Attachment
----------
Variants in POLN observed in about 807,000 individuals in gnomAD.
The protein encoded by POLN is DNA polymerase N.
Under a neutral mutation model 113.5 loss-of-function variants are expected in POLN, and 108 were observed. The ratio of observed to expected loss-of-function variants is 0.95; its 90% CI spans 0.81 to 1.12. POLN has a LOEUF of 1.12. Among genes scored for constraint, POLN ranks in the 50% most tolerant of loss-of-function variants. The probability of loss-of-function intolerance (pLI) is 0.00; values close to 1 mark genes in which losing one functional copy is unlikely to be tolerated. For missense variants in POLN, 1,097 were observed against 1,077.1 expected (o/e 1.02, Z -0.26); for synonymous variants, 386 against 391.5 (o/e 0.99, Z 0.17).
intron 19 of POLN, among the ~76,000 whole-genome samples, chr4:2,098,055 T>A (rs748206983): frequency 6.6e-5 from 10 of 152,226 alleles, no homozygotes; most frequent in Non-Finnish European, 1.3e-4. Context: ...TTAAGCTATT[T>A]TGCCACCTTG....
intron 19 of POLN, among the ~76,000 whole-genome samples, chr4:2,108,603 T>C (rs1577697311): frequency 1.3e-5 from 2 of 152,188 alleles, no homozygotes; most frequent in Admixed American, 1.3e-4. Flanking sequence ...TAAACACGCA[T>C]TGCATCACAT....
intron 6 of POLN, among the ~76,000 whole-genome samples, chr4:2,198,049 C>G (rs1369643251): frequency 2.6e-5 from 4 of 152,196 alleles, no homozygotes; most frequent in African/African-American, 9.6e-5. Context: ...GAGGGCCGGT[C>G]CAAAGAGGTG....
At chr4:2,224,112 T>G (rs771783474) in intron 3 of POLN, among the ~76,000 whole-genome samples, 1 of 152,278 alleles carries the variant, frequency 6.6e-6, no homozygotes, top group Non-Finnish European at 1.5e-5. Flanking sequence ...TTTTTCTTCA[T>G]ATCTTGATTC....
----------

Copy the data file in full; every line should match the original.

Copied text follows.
Variants in POLN observed in about 807,000 individuals in gnomAD.
The protein encoded by POLN is DNA polymerase N.
Under a neutral mutation model 113.5 loss-of-function variants are expected in POLN, and 108 were observed. The ratio of observed to expected loss-of-function variants is 0.95; its 90% CI spans 0.81 to 1.12. POLN has a LOEUF of 1.12. Among genes scored for constraint, POLN ranks in the 50% most tolerant of loss-of-function variants. The probability of loss-of-function intolerance (pLI) is 0.00; values close to 1 mark genes in which losing one functional copy is unlikely to be tolerated. For missense variants in POLN, 1,097 were observed against 1,077.1 expected (o/e 1.02, Z -0.26); for synonymous variants, 386 against 391.5 (o/e 0.99, Z 0.17).
intron 19 of POLN, among the ~76,000 whole-genome samples, chr4:2,098,055 T>A (rs748206983): frequency 6.6e-5 from 10 of 152,226 alleles, no homozygotes; most frequent in Non-Finnish European, 1.3e-4. Context: ...TTAAGCTATT[T>A]TGCCACCTTG....
intron 19 of POLN, among the ~76,000 whole-genome samples, chr4:2,108,603 T>C (rs1577697311): frequency 1.3e-5 from 2 of 152,188 alleles, no homozygotes; most frequent in Admixed American, 1.3e-4. Flanking sequence ...TAAACACGCA[T>C]TGCATCACAT....
intron 6 of POLN, among the ~76,000 whole-genome samples, chr4:2,198,049 C>G (rs1369643251): frequency 2.6e-5 from 4 of 152,196 alleles, no homozygotes; most frequent in African/African-American, 9.6e-5. Context: ...GAGGGCCGGT[C>G]CAAAGAGGTG....
At chr4:2,224,112 T>G (rs771783474) in intron 3 of POLN, among the ~76,000 whole-genome samples, 1 of 152,278 alleles carries the variant, frequency 6.6e-6, no homozygotes, top group Non-Finnish European at 1.5e-5. Flanking sequence ...TTTTTCTTCA[T>G]ATCTTGATTC....